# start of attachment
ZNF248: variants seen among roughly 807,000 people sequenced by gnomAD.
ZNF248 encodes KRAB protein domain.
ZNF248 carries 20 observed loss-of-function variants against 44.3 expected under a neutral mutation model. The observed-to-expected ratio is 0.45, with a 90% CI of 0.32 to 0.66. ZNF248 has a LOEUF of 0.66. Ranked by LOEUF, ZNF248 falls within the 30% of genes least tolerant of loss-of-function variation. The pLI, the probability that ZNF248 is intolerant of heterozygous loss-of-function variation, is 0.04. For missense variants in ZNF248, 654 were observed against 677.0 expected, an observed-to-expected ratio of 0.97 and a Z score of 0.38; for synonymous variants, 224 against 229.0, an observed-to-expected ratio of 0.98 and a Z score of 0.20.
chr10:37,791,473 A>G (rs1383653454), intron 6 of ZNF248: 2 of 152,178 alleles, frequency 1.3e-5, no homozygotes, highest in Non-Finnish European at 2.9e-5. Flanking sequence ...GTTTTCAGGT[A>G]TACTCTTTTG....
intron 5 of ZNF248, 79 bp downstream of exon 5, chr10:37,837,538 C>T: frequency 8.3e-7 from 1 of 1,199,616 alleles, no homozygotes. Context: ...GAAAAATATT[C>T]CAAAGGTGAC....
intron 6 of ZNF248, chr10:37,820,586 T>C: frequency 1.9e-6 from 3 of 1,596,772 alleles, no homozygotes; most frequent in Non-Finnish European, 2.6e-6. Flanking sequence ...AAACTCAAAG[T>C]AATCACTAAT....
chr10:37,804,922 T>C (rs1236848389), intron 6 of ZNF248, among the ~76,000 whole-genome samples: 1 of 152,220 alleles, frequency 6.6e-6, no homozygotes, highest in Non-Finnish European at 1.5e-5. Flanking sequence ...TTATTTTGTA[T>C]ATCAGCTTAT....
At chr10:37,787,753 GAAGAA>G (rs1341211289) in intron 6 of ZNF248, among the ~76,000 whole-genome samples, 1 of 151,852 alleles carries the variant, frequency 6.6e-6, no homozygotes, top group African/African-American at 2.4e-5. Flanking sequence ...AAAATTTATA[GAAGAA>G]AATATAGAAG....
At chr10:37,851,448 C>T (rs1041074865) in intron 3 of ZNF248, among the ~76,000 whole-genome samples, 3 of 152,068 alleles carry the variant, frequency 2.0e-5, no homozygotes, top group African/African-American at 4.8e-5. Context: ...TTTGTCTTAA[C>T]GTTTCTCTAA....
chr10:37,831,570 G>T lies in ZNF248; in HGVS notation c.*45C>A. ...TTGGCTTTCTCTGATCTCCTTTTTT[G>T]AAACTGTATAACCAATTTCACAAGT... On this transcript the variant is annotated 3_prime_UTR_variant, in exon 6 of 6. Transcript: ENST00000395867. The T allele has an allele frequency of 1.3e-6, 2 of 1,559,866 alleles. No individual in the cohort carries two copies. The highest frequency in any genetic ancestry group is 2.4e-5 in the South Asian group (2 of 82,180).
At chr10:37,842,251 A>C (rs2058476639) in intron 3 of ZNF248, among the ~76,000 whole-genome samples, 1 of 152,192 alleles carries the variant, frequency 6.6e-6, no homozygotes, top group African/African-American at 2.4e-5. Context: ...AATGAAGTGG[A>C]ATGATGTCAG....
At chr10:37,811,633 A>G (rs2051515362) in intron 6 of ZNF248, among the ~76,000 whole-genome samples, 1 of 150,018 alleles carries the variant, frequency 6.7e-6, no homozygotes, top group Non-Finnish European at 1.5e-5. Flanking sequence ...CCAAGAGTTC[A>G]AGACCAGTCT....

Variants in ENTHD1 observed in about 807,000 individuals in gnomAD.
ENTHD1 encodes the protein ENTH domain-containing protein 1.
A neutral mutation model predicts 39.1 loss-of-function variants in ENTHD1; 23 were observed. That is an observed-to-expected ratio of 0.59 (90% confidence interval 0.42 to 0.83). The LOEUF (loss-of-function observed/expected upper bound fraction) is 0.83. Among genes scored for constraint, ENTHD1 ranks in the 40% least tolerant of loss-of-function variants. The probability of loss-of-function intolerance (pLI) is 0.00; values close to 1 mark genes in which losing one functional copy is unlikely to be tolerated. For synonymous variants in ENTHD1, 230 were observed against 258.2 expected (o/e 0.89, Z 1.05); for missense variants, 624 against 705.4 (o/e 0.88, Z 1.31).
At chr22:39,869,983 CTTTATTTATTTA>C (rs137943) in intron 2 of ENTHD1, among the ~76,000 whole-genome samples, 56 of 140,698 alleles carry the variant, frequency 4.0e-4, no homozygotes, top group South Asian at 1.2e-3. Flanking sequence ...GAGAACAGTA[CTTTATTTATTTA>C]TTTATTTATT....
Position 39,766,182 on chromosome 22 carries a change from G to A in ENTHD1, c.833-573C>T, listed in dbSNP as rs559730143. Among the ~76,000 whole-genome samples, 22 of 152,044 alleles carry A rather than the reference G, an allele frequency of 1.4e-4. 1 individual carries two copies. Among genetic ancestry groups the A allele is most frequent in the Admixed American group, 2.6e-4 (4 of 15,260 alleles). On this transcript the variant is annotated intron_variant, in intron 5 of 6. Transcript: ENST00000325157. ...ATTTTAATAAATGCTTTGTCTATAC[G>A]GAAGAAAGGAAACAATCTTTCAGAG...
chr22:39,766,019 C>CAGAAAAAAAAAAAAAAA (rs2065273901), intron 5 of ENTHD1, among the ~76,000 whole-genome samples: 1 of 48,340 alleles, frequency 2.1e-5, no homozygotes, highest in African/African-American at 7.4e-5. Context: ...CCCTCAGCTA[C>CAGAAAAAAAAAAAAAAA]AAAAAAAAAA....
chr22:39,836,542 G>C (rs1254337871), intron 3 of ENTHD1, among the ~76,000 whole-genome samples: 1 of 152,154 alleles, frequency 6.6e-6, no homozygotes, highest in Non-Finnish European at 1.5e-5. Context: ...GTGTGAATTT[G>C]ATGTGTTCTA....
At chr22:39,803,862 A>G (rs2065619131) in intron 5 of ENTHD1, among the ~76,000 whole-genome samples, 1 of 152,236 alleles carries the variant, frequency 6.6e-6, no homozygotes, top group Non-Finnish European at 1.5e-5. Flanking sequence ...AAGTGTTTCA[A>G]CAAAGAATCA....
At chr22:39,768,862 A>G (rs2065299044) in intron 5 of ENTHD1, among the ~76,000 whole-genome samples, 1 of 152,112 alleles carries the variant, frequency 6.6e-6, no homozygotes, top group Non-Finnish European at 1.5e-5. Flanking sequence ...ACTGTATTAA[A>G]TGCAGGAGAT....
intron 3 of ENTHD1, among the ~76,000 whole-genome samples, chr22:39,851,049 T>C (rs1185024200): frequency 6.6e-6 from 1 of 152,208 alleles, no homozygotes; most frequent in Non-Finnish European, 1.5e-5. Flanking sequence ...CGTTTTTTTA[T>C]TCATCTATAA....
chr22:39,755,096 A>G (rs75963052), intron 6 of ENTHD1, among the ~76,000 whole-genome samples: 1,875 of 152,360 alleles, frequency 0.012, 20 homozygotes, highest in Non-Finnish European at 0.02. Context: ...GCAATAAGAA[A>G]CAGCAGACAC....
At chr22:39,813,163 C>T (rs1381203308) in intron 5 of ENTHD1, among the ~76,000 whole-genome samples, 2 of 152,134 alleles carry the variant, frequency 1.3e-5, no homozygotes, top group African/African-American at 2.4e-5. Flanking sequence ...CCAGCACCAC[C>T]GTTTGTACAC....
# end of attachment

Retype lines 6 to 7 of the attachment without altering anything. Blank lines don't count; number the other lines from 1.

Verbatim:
intron 6 of ZNF248, chr10:37,820,586 T>C: frequency 1.9e-6 from 3 of 1,596,772 alleles, no homozygotes; most frequent in Non-Finnish European, 2.6e-6. Flanking sequence ...AAACTCAAAG[T>C]AATCACTAAT....
chr10:37,804,922 T>C (rs1236848389), intron 6 of ZNF248, among the ~76,000 whole-genome samples: 1 of 152,220 alleles, frequency 6.6e-6, no homozygotes, highest in Non-Finnish European at 1.5e-5. Flanking sequence ...TTATTTTGTA[T>C]ATCAGCTTAT....